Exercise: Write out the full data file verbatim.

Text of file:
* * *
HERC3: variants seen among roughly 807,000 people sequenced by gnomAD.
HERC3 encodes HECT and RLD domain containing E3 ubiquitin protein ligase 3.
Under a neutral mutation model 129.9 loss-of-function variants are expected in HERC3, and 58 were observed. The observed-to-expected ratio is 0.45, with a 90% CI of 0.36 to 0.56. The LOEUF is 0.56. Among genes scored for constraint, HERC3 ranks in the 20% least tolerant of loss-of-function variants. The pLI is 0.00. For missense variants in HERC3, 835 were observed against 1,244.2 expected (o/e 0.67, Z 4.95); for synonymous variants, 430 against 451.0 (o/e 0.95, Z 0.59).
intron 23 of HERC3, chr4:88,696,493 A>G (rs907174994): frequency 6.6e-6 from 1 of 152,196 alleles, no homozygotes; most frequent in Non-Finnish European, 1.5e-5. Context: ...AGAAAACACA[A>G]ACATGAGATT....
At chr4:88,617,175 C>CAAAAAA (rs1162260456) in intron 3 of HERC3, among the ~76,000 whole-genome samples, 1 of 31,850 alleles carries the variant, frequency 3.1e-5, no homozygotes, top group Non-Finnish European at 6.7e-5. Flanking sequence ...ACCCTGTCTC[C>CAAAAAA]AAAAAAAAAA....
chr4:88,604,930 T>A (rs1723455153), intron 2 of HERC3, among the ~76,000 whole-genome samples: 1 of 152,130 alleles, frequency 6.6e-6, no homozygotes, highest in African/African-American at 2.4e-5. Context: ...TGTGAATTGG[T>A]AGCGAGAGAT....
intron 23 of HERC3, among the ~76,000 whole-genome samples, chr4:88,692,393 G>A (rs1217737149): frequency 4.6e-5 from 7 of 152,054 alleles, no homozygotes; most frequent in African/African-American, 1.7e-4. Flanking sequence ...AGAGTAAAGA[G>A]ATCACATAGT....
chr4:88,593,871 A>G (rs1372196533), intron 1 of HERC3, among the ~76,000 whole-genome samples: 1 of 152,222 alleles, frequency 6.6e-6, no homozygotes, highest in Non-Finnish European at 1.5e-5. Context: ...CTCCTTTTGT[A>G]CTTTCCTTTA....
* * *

HERC3: variants seen among roughly 807,000 people sequenced by gnomAD.
HERC3 encodes HECT and RLD domain containing E3 ubiquitin protein ligase 3.
Under a neutral mutation model 129.9 loss-of-function variants are expected in HERC3, and 58 were observed. The observed-to-expected ratio is 0.45, with a 90% CI of 0.36 to 0.56. The LOEUF is 0.56. Among genes scored for constraint, HERC3 ranks in the 20% least tolerant of loss-of-function variants. The pLI is 0.00. For missense variants in HERC3, 835 were observed against 1,244.2 expected (o/e 0.67, Z 4.95); for synonymous variants, 430 against 451.0 (o/e 0.95, Z 0.59).
intron 23 of HERC3, chr4:88,696,493 A>G (rs907174994): frequency 6.6e-6 from 1 of 152,196 alleles, no homozygotes; most frequent in Non-Finnish European, 1.5e-5. Context: ...AGAAAACACA[A>G]ACATGAGATT....
At chr4:88,617,175 C>CAAAAAA (rs1162260456) in intron 3 of HERC3, among the ~76,000 whole-genome samples, 1 of 31,850 alleles carries the variant, frequency 3.1e-5, no homozygotes, top group Non-Finnish European at 6.7e-5. Flanking sequence ...ACCCTGTCTC[C>CAAAAAA]AAAAAAAAAA....
chr4:88,604,930 T>A (rs1723455153), intron 2 of HERC3, among the ~76,000 whole-genome samples: 1 of 152,130 alleles, frequency 6.6e-6, no homozygotes, highest in African/African-American at 2.4e-5. Context: ...TGTGAATTGG[T>A]AGCGAGAGAT....
intron 23 of HERC3, among the ~76,000 whole-genome samples, chr4:88,692,393 G>A (rs1217737149): frequency 4.6e-5 from 7 of 152,054 alleles, no homozygotes; most frequent in African/African-American, 1.7e-4. Flanking sequence ...AGAGTAAAGA[G>A]ATCACATAGT....
chr4:88,593,871 A>G (rs1372196533), intron 1 of HERC3, among the ~76,000 whole-genome samples: 1 of 152,222 alleles, frequency 6.6e-6, no homozygotes, highest in Non-Finnish European at 1.5e-5. Context: ...CTCCTTTTGT[A>G]CTTTCCTTTA....